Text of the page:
Western Red cedars are found in moister parts of the Pacific Northwest. They are typically scattered among other conifers. Sometimes they form pure stands in low spots where roots of other conifers would drown. This is a shade-tolerant species. It grows to 200 feet and 20 feet in diameter. It is fairly slow-growing. The wood is easily split, is decay-resistant, and is used for making shingles.
Western Hemlock is a moisture-loving species. It is probably the most abundant conifer from coastal Oregon to southeastern Alaska. It grows to 215 feet high, with a maximum diameter of 10 feet. It grows faster than Western Red cedar. Western Hemlock seedlings often blanket nurse logs. They are very shade tolerant. They can form extensive pure stands. The tree species is cut extensively for lumber and paper pulp.
Sitka Spruce towers over red cedars and hemlocks in foggy coastal forests, too wet to favor Douglas-fir. The tree reaches 300 feet in height and 17 feet in diameter. It is fast-growing and can reproduce in forest shade. Many gain an initial foothold in the forest on nurse logs. Sitka Spruce is a strong, light wood.
Additional species of old-growth conifers include Sugar Pine (maximum 250 feet high and 18 feet diameter), Ponderosa Pine (232 feet high, 8 feet diameter), Western White Pine (239 feet high, 7 feet diameter), Noble Fir (260 feet high, 9 feet diameter), Pacific Silver Fir (245 feet high, 8 feet diameter), Grand Fir (250 feet high, 5 feet diameter), White Fir (230 feet high, 6 feet diameter), Incense Cedar (225 feet high, 12 feet diameter), and Port Orford Cedar (240 feet high, 11 feet diameter). The uniqueness of the Olympic Rain Forest is illustrated by the number of world record sized trees found here. The world’s largest Yellow Cedar, Western Hemlock, and Subalpine Fir trees are found in the Olympic Range.
Non-conifer trees include Bigleaf Maple, Red Alder, Vine Maple, and Black Cottonwood. Shrubs include Devil’s Club and huckleberry. Herbaceous plants include ferns, mosses, club mosses, and lichens. An interesting adaptation to the low light levels and levels of precipitation reaching the forest floor is that a number of plant species—more than 100 in all—found in the Olympic rain forest are adapted to life up in the trees with no root connection to the forest soil. These epiphytes, plants which do not come into contact with the ground but are not parasitic, include liverworts, mosses, club mosses (Selaginella), lichens, and ferns (licorice fern and sword fern). They collect their water by soaking it up in soft plant tissues. Big-leaf Maple is the deciduous tree most likely to be covered with mats of epiphytes.
The unique climate and ecology of the Olympic Peninsula have produced a number of animals which are particularly well adapted to their surroundings. Several of them are endemic species or subspecies, found only in the Olympics. Two endemic species of fishes are Beardsley Trout (a type of rainbow trout) and Crescenti Trout (a cutthroat trout). The endemic species and subspecies of amphibians are the Olympic Salamander and Cope’s Giant Salamander. Olympic Salamander inhabits mountain streams and creeks.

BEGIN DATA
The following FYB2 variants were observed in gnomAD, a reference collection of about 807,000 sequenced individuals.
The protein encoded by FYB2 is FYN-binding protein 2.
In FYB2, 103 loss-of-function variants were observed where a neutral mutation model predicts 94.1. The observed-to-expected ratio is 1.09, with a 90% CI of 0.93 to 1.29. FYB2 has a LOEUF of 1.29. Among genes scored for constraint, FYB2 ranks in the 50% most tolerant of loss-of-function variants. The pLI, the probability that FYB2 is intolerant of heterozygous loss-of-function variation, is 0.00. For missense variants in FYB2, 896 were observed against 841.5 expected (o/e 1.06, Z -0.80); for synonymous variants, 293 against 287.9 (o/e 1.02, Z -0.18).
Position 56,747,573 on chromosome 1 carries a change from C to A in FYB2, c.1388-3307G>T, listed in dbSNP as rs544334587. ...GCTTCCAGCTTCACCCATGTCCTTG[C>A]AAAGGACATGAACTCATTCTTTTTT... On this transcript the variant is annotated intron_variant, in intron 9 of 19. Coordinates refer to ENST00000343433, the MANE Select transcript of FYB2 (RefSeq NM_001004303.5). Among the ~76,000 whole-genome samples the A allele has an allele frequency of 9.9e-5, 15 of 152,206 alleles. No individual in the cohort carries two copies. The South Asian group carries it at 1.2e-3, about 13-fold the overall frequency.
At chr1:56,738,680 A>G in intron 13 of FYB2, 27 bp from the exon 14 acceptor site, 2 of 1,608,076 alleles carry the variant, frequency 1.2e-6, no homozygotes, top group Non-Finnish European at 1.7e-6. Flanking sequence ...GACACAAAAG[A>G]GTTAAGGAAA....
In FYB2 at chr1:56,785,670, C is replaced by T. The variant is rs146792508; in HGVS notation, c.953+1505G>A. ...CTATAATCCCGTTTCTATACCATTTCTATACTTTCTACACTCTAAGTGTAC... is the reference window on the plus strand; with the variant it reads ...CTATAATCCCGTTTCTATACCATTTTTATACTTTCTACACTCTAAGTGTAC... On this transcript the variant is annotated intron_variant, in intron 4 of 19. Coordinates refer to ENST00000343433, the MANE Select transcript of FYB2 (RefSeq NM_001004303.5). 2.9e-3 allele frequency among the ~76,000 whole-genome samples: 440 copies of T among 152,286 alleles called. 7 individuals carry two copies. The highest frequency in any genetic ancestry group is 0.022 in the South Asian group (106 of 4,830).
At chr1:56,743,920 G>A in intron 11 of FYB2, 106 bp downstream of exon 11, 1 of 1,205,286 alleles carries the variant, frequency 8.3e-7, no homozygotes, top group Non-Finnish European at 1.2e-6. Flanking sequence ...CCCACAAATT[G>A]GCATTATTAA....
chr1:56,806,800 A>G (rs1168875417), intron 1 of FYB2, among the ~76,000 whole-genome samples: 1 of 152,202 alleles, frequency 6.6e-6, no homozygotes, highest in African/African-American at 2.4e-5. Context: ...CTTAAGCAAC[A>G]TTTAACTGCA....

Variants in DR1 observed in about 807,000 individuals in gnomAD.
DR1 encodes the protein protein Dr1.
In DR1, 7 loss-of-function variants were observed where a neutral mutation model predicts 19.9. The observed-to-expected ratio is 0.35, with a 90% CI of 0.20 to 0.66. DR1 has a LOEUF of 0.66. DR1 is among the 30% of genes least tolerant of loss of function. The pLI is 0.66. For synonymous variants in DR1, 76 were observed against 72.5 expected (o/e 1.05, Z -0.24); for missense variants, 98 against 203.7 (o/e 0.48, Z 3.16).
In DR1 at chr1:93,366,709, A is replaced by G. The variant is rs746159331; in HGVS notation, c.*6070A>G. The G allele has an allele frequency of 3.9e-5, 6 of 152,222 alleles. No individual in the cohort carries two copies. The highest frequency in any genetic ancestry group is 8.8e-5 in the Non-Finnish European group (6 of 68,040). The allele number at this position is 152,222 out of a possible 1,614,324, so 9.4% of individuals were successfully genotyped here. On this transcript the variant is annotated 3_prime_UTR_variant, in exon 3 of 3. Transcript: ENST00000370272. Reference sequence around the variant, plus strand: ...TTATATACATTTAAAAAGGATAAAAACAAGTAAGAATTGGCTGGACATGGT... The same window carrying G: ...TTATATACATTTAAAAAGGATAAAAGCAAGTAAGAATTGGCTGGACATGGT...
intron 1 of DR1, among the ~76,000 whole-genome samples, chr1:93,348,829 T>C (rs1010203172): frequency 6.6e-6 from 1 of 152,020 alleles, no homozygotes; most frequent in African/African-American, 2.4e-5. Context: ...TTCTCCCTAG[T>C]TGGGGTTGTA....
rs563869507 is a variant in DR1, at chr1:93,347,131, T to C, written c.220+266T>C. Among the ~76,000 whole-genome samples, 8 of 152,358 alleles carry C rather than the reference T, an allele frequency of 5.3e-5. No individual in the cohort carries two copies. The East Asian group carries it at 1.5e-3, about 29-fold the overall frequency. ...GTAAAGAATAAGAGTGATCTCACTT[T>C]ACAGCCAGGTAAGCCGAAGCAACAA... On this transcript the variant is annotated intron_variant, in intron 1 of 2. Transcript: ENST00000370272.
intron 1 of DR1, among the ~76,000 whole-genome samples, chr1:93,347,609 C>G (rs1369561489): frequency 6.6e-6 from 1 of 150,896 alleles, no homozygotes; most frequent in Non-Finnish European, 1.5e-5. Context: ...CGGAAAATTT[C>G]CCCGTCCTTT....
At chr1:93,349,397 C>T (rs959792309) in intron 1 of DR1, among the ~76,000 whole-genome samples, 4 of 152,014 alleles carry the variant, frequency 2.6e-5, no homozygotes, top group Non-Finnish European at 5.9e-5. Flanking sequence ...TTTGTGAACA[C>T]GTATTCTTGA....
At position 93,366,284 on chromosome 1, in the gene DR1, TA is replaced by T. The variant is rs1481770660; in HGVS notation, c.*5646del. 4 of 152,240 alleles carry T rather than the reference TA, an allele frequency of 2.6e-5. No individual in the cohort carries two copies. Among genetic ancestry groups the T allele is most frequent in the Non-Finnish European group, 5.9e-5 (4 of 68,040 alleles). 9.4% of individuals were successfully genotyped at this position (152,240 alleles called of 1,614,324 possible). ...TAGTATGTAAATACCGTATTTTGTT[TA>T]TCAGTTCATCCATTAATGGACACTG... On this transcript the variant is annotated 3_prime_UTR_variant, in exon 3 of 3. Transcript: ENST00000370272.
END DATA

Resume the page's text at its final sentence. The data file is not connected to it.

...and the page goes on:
There are no endemic bird species, as these animals have the ability to disperse to other regions -of the Pacific Northwest, North America, and wider geographic areas. However, several species are recognized as indicator species of mature, old-growth forest. The Spotted Owl is an endangered species which has highly specialized habitat requirements—dense, mature stands of trees and a minimum of 3000 acres of contiguous forested land with mature, multi-layered and multi-aged canopy, large snags, deformed branches for perches, and internal defects for nest cavities. The Marbled Murrelet is an alcid (puffin relative) which spends most of its life as a pelagic (oceanic) species but which nests fairly exclusively in old-growth forests. It constructs its nest 180 or more feet up in old-growth trees which are 300 to 600 years old. This extremely specialized nesting bird is the last species of North American bird to have its nest discovered (1974). The Pileated Woodpecker, a species also found in Connecticut, is not a rare species in the Olympics, but it does require mature habitats and thus is an indicator species of the ecological balance and health of the forest.
Olympic mammals include the Roosevelt Elk and Columbia Blacktailed Deer. These animals have seasonal migrations to open or forested areas, based on availability of browse and winter forest cover. Their movements are closely tied to the climate cycle. Several endemic species or subspecies of mammals are found in the Olympics, including the Olympic Marmot, Olympic Chipmunk, Yellow Pine Chipmunk, Olympic Snow Mole, and Short-tailed Weasel. They have specific habitat requirements, such as alpine and subalpine habitats of the marmot.